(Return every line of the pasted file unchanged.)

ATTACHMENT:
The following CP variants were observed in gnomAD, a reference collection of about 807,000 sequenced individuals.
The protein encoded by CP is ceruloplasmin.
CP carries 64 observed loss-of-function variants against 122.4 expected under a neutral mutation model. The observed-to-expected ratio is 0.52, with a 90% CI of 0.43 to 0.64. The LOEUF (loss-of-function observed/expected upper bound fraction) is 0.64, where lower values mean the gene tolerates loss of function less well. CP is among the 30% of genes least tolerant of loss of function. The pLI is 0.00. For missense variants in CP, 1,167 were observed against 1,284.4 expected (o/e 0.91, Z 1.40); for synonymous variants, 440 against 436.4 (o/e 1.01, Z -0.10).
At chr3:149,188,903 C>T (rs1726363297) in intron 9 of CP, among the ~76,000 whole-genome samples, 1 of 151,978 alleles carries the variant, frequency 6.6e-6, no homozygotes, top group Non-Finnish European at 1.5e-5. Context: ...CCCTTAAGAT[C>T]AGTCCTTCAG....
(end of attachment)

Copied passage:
The following CP variants were observed in gnomAD, a reference collection of about 807,000 sequenced individuals.
The protein encoded by CP is ceruloplasmin.
CP carries 64 observed loss-of-function variants against 122.4 expected under a neutral mutation model. The observed-to-expected ratio is 0.52, with a 90% CI of 0.43 to 0.64. The LOEUF (loss-of-function observed/expected upper bound fraction) is 0.64, where lower values mean the gene tolerates loss of function less well. CP is among the 30% of genes least tolerant of loss of function. The pLI is 0.00. For missense variants in CP, 1,167 were observed against 1,284.4 expected (o/e 0.91, Z 1.40); for synonymous variants, 440 against 436.4 (o/e 1.01, Z -0.10).
At chr3:149,188,903 C>T (rs1726363297) in intron 9 of CP, among the ~76,000 whole-genome samples, 1 of 151,978 alleles carries the variant, frequency 6.6e-6, no homozygotes, top group Non-Finnish European at 1.5e-5. Context: ...CCCTTAAGAT[C>T]AGTCCTTCAG....